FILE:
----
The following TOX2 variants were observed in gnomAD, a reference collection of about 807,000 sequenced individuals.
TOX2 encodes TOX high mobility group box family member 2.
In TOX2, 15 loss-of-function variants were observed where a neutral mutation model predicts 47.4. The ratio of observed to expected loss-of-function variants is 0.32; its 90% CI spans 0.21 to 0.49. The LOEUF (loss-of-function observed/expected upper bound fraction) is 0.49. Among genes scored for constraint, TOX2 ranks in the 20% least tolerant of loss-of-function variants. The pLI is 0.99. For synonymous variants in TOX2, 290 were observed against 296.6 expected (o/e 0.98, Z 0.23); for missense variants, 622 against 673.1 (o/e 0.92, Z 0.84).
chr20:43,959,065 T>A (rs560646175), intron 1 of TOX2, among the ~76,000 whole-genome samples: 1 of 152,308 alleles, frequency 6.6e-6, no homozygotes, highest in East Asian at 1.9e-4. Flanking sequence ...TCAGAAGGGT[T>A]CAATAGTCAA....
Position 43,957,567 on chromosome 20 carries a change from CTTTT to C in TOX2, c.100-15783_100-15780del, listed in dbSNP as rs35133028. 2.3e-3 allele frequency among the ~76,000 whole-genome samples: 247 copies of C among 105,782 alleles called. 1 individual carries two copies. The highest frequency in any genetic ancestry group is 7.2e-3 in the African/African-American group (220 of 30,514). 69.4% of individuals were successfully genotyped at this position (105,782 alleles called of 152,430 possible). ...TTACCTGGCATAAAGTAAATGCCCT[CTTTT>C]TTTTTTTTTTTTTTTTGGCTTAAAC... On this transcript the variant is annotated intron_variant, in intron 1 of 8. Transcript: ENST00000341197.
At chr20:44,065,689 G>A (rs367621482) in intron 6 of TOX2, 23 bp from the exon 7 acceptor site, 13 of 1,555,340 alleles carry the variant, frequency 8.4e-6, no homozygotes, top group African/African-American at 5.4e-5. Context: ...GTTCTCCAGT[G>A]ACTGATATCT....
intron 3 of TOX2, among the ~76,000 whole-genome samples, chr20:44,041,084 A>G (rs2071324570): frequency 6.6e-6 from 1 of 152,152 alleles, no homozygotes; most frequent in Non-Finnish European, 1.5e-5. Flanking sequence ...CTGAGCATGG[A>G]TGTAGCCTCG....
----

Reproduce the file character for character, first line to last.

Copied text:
The following TOX2 variants were observed in gnomAD, a reference collection of about 807,000 sequenced individuals.
TOX2 encodes TOX high mobility group box family member 2.
In TOX2, 15 loss-of-function variants were observed where a neutral mutation model predicts 47.4. The ratio of observed to expected loss-of-function variants is 0.32; its 90% CI spans 0.21 to 0.49. The LOEUF (loss-of-function observed/expected upper bound fraction) is 0.49. Among genes scored for constraint, TOX2 ranks in the 20% least tolerant of loss-of-function variants. The pLI is 0.99. For synonymous variants in TOX2, 290 were observed against 296.6 expected (o/e 0.98, Z 0.23); for missense variants, 622 against 673.1 (o/e 0.92, Z 0.84).
chr20:43,959,065 T>A (rs560646175), intron 1 of TOX2, among the ~76,000 whole-genome samples: 1 of 152,308 alleles, frequency 6.6e-6, no homozygotes, highest in East Asian at 1.9e-4. Flanking sequence ...TCAGAAGGGT[T>A]CAATAGTCAA....
Position 43,957,567 on chromosome 20 carries a change from CTTTT to C in TOX2, c.100-15783_100-15780del, listed in dbSNP as rs35133028. 2.3e-3 allele frequency among the ~76,000 whole-genome samples: 247 copies of C among 105,782 alleles called. 1 individual carries two copies. The highest frequency in any genetic ancestry group is 7.2e-3 in the African/African-American group (220 of 30,514). 69.4% of individuals were successfully genotyped at this position (105,782 alleles called of 152,430 possible). ...TTACCTGGCATAAAGTAAATGCCCT[CTTTT>C]TTTTTTTTTTTTTTTTGGCTTAAAC... On this transcript the variant is annotated intron_variant, in intron 1 of 8. Transcript: ENST00000341197.
At chr20:44,065,689 G>A (rs367621482) in intron 6 of TOX2, 23 bp from the exon 7 acceptor site, 13 of 1,555,340 alleles carry the variant, frequency 8.4e-6, no homozygotes, top group African/African-American at 5.4e-5. Context: ...GTTCTCCAGT[G>A]ACTGATATCT....
intron 3 of TOX2, among the ~76,000 whole-genome samples, chr20:44,041,084 A>G (rs2071324570): frequency 6.6e-6 from 1 of 152,152 alleles, no homozygotes; most frequent in Non-Finnish European, 1.5e-5. Flanking sequence ...CTGAGCATGG[A>G]TGTAGCCTCG....